Care, Poverty and Coronavirus

Today, Oxfam is calling on politicians across Britain to make care count; both now, during the coronavirus outbreak, and in the future.

The COVID-19 pandemic has underlined the importance of care, something each of us depends on at some point in our life.

Oxfam works to tackle poverty everywhere, including in Britain. To do that, it’s impossible to ignore the link between poverty and care.

Even before COVID-19, too many carers – paid and unpaid – were in poverty. It wasn’t right then, and it certainly isn’t now.

Women deliver most care due to gendered social norms and are therefore particularly impacted. In Scotland, there are approximately 759,000 people aged over 16 providing some form of care, whether paid or unpaid – that’s approximately 1 in 6 of all adults, and as many as 59% are women.

As this pandemic unfolds, carers’ organisations and unions are rightly highlighting how carers are placing themselves and their families at enhanced risk of contracting the virus, sometimes without the equipment they need.

  • A survey by Carers Scotland shows three-quarters of unpaid carers in Scotland are providing more care during this crisis, citing cuts in other sources of support. Some 79% of carers in Scotland also report spending more on food and other bills.
  • One Parent Families Scotland is highlighting the particular challenges for single parents and their children as they depend on one income and can’t lean on the support of another adult to share childcare responsibilities.
  • Meanwhile, The Alliance has highlighted the need for a rights-based, person-centred approach across the health and social care system, with people with long-term conditions, disabled people and unpaid carers at the heart.
  • Scottish Care says a ‘new care normal’ will be needed, warning staffing levels in care homes may need to rise, while also highlighting the severe consequences of reduced emotional contact for groups of people, including those with dementia.
  • Other like the STUC are calling for a new minimum wage of £10 an hour for all key workers to tackle in-work poverty.

Amid these important issues, it’s clear to Oxfam that the last thing any carer, or other key worker, needs is the added worry of poverty. We need to fix this injustice now, and for good.

Today we publish two Britain-wide reports, both strongly amplifying the voices and views of carers.

Make Care Count examines the pre-pandemic link between care, poverty and gender injustice, while our supplementary briefing, Care, Poverty and Coronavirus Across Britain, explores the additional impact of COVID-19.

We welcome action to cushion the impact on people’s incomes across the UK, but we must do more to ensure social security protects everyone from poverty, including carers. We must also ensure those employed to deliver care are receive at least the Real Living Wage, alongside fairer, more flexible contracts.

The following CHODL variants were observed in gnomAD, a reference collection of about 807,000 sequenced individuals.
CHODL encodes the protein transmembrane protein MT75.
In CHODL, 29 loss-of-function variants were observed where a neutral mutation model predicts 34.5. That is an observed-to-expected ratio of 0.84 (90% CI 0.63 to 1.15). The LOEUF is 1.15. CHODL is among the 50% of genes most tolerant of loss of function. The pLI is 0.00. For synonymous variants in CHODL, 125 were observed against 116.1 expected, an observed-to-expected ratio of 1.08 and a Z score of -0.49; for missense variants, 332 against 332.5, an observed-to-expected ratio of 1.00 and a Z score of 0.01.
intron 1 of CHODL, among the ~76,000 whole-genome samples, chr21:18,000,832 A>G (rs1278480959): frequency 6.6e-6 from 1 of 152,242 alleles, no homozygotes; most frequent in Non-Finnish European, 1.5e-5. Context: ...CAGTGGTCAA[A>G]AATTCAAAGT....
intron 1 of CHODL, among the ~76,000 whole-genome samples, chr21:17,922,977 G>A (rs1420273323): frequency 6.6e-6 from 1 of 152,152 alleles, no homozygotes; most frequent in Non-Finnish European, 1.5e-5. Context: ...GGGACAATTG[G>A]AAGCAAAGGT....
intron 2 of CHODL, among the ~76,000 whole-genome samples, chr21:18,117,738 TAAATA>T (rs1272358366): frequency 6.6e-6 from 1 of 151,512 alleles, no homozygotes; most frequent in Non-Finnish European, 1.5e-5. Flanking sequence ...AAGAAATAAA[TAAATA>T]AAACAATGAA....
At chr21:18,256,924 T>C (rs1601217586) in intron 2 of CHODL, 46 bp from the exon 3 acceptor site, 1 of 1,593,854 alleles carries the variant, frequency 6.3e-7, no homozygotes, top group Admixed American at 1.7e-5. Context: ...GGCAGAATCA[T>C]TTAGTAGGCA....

For carers in Scotland, there are good signs of policy commitment, including help for frontline organisations to continue to provide support, but this progress must now be built upon.

Before this crisis, Carer’s Allowance was topped-up in Scotland to bring the value up to that of Jobseeker’s Allowance. Amid new financial pressures, we must now consider whether that top-up remains sufficient.

For low income households with children, there remains a commitment to bring forward the new £10 per week Scottish Child Payment; we must guard against this being delayed and relieve pressures faced by these families right now.

For paid carers, the Scottish Government has fast-tracked payment of the Real Living Wage; we must now ensure this quickly benefits all paid carers, regardless of who they work for, and that means ensuring funding levels are sufficient.

More widely, the big increase in the Scottish Welfare Fund is also positive but will only protect people if they can access it quickly. Pre-COVID-19, 55% of people told us they wouldn’t know where to get emergency cash if they ran out of money for food.

So, there’s progress, but more to do – at UK level certainly, but here in Scotland too.

In the short-term we must protect carers from poverty, while permanently better valuing their work, sharing care more fairly and ensuring carers have the flexibility they need to juggle care with work and education.

Our polling showed four in five people in Scotland believed unpaid care work was not being valued highly enough. That was before COVID-19; before people took to their doorsteps to clap for key workers, including all carers.

We must build on this upsurge in solidarity and together support and care for those doing so much to protect so many; together we must ensure that all carers are protected from poverty.

By Jamie Livingstone, Head of Oxfam Scotland